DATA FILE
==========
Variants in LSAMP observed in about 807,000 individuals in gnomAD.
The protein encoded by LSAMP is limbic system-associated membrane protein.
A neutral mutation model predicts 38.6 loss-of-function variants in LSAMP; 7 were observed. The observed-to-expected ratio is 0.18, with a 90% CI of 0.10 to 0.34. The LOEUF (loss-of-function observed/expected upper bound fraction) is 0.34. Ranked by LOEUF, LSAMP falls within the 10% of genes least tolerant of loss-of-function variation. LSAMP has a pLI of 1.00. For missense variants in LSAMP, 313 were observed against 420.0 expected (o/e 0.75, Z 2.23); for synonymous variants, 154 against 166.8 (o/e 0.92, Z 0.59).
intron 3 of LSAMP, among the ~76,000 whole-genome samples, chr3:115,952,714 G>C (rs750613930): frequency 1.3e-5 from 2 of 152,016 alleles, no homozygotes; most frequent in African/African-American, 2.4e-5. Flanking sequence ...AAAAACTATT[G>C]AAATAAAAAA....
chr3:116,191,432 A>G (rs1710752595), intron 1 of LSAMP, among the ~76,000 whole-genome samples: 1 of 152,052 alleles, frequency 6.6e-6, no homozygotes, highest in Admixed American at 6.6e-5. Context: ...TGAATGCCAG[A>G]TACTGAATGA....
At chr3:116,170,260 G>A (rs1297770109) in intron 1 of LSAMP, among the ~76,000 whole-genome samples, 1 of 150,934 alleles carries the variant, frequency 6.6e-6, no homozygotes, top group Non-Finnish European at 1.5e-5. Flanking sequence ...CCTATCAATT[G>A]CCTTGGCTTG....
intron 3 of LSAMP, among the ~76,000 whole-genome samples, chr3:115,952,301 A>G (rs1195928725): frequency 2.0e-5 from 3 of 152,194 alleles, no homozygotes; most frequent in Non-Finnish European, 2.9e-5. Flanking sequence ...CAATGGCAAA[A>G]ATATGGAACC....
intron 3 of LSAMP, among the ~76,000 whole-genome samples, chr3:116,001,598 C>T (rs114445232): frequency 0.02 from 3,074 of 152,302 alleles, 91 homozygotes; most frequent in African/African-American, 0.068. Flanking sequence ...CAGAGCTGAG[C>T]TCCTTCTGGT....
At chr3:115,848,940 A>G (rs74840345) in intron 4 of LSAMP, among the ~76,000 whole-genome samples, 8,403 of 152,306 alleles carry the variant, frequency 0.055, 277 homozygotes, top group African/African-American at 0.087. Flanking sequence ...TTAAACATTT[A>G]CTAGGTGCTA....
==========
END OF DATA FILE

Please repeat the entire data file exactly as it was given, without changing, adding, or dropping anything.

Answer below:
Variants in LSAMP observed in about 807,000 individuals in gnomAD.
The protein encoded by LSAMP is limbic system-associated membrane protein.
A neutral mutation model predicts 38.6 loss-of-function variants in LSAMP; 7 were observed. The observed-to-expected ratio is 0.18, with a 90% CI of 0.10 to 0.34. The LOEUF (loss-of-function observed/expected upper bound fraction) is 0.34. Ranked by LOEUF, LSAMP falls within the 10% of genes least tolerant of loss-of-function variation. LSAMP has a pLI of 1.00. For missense variants in LSAMP, 313 were observed against 420.0 expected (o/e 0.75, Z 2.23); for synonymous variants, 154 against 166.8 (o/e 0.92, Z 0.59).
intron 3 of LSAMP, among the ~76,000 whole-genome samples, chr3:115,952,714 G>C (rs750613930): frequency 1.3e-5 from 2 of 152,016 alleles, no homozygotes; most frequent in African/African-American, 2.4e-5. Flanking sequence ...AAAAACTATT[G>C]AAATAAAAAA....
chr3:116,191,432 A>G (rs1710752595), intron 1 of LSAMP, among the ~76,000 whole-genome samples: 1 of 152,052 alleles, frequency 6.6e-6, no homozygotes, highest in Admixed American at 6.6e-5. Context: ...TGAATGCCAG[A>G]TACTGAATGA....
At chr3:116,170,260 G>A (rs1297770109) in intron 1 of LSAMP, among the ~76,000 whole-genome samples, 1 of 150,934 alleles carries the variant, frequency 6.6e-6, no homozygotes, top group Non-Finnish European at 1.5e-5. Flanking sequence ...CCTATCAATT[G>A]CCTTGGCTTG....
intron 3 of LSAMP, among the ~76,000 whole-genome samples, chr3:115,952,301 A>G (rs1195928725): frequency 2.0e-5 from 3 of 152,194 alleles, no homozygotes; most frequent in Non-Finnish European, 2.9e-5. Flanking sequence ...CAATGGCAAA[A>G]ATATGGAACC....
intron 3 of LSAMP, among the ~76,000 whole-genome samples, chr3:116,001,598 C>T (rs114445232): frequency 0.02 from 3,074 of 152,302 alleles, 91 homozygotes; most frequent in African/African-American, 0.068. Flanking sequence ...CAGAGCTGAG[C>T]TCCTTCTGGT....
At chr3:115,848,940 A>G (rs74840345) in intron 4 of LSAMP, among the ~76,000 whole-genome samples, 8,403 of 152,306 alleles carry the variant, frequency 0.055, 277 homozygotes, top group African/African-American at 0.087. Flanking sequence ...TTAAACATTT[A>G]CTAGGTGCTA....